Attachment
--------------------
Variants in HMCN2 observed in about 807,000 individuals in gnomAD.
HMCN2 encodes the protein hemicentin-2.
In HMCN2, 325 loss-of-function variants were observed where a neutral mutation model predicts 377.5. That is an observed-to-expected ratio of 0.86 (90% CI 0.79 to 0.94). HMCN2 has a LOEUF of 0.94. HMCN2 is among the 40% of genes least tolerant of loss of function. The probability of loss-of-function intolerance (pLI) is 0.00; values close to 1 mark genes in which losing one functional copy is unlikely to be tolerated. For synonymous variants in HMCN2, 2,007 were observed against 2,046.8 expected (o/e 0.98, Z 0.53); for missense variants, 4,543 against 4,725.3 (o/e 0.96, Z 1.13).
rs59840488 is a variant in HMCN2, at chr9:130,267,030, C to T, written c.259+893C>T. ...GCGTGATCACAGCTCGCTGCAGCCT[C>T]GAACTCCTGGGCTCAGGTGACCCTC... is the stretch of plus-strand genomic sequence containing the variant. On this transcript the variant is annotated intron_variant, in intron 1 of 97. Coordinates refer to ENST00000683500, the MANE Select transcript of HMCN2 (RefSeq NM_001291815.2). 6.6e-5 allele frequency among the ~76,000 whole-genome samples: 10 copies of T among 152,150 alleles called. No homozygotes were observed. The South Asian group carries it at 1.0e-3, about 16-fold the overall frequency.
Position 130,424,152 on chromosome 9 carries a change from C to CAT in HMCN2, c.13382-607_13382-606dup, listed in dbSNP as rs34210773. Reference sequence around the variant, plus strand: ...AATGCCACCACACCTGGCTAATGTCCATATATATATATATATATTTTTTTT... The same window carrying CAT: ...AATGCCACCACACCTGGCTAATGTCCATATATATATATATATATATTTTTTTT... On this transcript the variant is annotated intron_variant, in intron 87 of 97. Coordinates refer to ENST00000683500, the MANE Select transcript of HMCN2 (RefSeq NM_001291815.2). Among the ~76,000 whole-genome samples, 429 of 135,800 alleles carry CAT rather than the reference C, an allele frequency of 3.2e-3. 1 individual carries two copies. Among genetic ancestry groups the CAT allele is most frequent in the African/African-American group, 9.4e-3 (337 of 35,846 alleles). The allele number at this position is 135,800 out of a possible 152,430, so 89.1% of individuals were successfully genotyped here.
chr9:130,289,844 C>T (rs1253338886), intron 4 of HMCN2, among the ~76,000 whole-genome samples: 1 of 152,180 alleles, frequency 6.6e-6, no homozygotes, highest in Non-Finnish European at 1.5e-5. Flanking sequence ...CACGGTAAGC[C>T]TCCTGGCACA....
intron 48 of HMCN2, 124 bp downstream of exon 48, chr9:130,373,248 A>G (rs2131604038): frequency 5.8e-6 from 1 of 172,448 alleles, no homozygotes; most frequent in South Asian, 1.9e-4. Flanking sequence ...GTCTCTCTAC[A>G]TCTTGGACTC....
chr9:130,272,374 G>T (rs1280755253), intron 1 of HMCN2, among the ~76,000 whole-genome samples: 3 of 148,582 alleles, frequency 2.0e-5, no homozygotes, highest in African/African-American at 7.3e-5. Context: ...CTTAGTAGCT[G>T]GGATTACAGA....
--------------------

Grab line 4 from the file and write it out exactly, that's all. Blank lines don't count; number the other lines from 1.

rs59840488 is a variant in HMCN2, at chr9:130,267,030, C to T, written c.259+893C>T. ...GCGTGATCACAGCTCGCTGCAGCCT[C>T]GAACTCCTGGGCTCAGGTGACCCTC... is the stretch of plus-strand genomic sequence containing the variant. On this transcript the variant is annotated intron_variant, in intron 1 of 97. Coordinates refer to ENST00000683500, the MANE Select transcript of HMCN2 (RefSeq NM_001291815.2). 6.6e-5 allele frequency among the ~76,000 whole-genome samples: 10 copies of T among 152,150 alleles called. No homozygotes were observed. The South Asian group carries it at 1.0e-3, about 16-fold the overall frequency.